Writing a birth plan is a way to set out your wishes in advance of giving birth. Birth plans are optional but many mums find that writing one gives them confidence on the day, and provides a chance to consider how they would want different scenarios to be dealt with in advance of the birth, saving them from making important decisions under pressure.
Your birth plan can take any format you want, however remember that medical staff will need to read and understand it quickly, so a bullet point format is ideal. Use colours or bold text to highlight the key points which you feel most strongly about and want to draw attention to. If you’re stuck, there are birth plan templates available online, but feel free to adapt any template you use to match your own views; a birth plan is a very personal document and should be specific to you.
Start writing your birth plan around the beginning of your third trimester. It’s a good idea to use a computer to write it so that you can review and edit your plan freely. When you first start writing it there may be things you still don’t understand, like what kinds of pain relief you might be offered, but this will be covered in your antenatal classes, so don’t worry if there are some things you’re not sure how to fill in right away. Starting your draft plan before your antenatal classes begin is a great idea because you will know what questions you need to ask at the classes.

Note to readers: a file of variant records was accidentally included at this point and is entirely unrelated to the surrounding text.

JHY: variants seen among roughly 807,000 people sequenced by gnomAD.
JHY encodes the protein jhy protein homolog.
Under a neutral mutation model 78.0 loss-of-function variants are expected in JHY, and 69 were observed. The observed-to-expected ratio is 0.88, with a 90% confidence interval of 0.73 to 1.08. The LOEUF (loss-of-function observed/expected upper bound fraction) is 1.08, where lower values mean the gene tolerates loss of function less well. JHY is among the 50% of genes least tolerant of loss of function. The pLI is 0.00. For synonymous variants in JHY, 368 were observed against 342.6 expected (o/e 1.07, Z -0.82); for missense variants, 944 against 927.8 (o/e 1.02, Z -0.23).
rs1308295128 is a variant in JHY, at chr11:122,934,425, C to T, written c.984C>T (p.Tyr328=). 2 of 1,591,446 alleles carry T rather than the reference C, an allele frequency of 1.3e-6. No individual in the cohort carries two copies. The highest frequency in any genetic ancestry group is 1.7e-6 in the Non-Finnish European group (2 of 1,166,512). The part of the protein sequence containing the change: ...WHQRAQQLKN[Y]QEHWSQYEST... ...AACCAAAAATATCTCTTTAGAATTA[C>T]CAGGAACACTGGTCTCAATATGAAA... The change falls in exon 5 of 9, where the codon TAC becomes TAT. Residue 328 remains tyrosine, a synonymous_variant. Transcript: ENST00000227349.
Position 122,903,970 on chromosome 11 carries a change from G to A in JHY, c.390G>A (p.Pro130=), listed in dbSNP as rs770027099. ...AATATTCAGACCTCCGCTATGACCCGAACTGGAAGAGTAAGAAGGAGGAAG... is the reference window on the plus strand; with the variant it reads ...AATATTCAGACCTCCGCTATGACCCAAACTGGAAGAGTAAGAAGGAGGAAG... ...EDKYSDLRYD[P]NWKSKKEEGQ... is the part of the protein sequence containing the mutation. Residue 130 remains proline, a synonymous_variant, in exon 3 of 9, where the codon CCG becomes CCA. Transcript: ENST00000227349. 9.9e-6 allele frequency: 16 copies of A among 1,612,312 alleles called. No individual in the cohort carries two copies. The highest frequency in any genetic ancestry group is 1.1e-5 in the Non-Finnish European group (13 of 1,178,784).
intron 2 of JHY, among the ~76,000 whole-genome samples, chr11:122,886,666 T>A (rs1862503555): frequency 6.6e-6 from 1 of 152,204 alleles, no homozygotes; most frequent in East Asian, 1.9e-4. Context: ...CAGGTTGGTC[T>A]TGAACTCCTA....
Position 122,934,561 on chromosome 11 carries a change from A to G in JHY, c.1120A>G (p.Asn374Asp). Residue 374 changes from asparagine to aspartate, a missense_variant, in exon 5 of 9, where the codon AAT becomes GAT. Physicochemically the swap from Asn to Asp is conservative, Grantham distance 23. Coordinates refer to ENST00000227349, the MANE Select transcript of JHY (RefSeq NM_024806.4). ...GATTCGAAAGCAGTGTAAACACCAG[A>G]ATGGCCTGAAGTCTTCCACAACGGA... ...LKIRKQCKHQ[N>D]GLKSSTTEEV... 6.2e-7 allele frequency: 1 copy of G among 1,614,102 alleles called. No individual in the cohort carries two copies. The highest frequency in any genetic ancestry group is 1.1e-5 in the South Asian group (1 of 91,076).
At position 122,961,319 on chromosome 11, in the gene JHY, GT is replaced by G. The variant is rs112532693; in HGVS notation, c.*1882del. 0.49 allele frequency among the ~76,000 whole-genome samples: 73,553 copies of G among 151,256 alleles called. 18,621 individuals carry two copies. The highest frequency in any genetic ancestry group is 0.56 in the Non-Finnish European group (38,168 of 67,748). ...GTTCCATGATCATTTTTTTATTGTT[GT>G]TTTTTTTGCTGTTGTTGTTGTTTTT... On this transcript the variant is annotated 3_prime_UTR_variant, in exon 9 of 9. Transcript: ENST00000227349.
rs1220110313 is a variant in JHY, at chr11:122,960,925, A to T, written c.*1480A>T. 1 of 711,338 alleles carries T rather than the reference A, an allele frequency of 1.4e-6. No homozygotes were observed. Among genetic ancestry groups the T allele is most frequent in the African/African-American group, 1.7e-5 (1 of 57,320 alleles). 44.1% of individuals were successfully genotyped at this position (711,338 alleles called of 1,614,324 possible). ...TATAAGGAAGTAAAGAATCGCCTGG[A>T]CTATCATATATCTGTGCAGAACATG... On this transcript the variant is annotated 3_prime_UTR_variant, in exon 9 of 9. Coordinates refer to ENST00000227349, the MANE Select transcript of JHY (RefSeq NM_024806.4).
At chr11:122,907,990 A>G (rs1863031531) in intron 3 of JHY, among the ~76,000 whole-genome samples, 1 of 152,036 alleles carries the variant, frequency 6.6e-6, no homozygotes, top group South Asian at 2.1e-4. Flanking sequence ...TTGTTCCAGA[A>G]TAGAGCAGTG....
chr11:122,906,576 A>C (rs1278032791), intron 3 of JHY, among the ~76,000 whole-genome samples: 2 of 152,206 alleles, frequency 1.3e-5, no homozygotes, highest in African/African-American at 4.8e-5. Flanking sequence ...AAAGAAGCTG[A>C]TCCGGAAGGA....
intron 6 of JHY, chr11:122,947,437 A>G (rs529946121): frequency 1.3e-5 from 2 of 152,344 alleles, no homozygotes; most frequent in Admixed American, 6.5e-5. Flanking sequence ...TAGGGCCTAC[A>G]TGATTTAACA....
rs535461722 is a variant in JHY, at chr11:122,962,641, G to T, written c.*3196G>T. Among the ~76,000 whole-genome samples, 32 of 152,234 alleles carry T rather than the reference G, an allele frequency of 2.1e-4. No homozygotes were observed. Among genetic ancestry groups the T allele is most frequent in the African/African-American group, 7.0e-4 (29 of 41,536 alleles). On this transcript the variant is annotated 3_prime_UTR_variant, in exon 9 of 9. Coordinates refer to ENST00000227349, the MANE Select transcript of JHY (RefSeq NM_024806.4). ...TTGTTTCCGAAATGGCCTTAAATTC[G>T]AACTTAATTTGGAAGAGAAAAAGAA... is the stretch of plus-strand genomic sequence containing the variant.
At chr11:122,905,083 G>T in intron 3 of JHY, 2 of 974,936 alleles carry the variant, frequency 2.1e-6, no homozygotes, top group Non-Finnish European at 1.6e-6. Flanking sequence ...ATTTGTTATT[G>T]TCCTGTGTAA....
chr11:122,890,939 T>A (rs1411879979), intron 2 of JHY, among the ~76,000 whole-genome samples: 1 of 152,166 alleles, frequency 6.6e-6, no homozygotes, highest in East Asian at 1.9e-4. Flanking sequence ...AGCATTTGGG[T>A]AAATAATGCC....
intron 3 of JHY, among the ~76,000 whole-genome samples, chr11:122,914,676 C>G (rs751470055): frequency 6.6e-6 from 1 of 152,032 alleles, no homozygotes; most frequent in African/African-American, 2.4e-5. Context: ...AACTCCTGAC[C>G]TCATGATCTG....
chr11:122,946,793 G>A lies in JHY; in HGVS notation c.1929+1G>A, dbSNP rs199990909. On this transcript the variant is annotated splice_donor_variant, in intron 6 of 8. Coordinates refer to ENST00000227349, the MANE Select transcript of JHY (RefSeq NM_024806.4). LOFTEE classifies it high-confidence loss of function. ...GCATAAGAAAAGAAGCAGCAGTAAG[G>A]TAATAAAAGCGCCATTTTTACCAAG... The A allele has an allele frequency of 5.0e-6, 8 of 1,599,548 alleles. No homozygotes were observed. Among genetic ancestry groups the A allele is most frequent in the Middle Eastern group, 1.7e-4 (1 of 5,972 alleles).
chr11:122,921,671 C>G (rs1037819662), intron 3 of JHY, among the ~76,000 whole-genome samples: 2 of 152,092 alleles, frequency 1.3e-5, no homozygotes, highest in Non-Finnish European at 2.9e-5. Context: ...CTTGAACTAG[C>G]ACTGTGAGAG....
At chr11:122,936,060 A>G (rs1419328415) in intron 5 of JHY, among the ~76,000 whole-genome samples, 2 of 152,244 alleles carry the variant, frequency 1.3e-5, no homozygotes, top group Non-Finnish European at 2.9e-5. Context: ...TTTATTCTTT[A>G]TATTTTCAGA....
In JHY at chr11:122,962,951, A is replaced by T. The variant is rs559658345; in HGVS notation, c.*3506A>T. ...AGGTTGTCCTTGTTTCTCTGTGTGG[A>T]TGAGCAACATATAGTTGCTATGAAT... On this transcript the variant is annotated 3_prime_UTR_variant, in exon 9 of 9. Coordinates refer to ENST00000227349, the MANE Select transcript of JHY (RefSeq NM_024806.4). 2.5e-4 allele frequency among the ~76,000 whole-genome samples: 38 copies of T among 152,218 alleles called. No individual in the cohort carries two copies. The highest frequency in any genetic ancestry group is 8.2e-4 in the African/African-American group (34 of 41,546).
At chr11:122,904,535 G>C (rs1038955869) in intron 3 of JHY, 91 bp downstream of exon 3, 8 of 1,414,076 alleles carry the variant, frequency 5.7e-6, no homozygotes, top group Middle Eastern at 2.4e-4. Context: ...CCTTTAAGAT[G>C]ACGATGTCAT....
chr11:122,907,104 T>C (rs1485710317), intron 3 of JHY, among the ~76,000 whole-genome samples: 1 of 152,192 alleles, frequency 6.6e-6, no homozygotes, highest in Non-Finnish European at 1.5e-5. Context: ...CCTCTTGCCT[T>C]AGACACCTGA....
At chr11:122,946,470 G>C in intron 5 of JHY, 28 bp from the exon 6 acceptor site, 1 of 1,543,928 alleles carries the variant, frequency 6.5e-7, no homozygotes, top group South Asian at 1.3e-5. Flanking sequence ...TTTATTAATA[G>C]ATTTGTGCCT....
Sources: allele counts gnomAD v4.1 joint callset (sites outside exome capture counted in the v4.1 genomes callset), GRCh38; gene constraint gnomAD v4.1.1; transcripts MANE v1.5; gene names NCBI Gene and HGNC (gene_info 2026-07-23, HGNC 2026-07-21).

The main points you should consider including in your birth plan are: your birth partner(s), pain relief, monitoring, birthing positions, use of birthing pool, your preferences if a caesarean is required, delivery of the placenta, skin to skin contact, cutting the cord, Vitamin K (oral, injection or none), discovering the gender of the baby yourself, feeding (breast or bottle). You should also add anything else you feel is relevant; there are no hard and fast rules on what you can include and, if it’s important to you, it should be there. Remember to include information about special circumstances, for example religious requirements, in your birth plan.
Be aware that, no matter how detailed your birth plan is, sometimes things don’t go to plan and you may need to be flexible and take advice from doctors and midwives to ensure you and your baby receive the best possible care should an unexpected complication arise. It may be a good idea to write a sentence acknowledging this at the end of your birth plan.
Talk to your midwife about your birth plan, as she will be able to advise you and answer any questions you have. It’s a good idea to let your midwife review a draft of your plan so that if you’ve missed anything she can help you. When you’re completely happy with your birth plan, put it in your folder with your maternity notes so you don’t lose it and it’s with you when you go into hospital.
More ways to prepare for birth:
- Homebirth 101
- 10 Wackiest Places Mums Have Actually Given Birth
- Do These Natural Methods Really Help Induce Labour?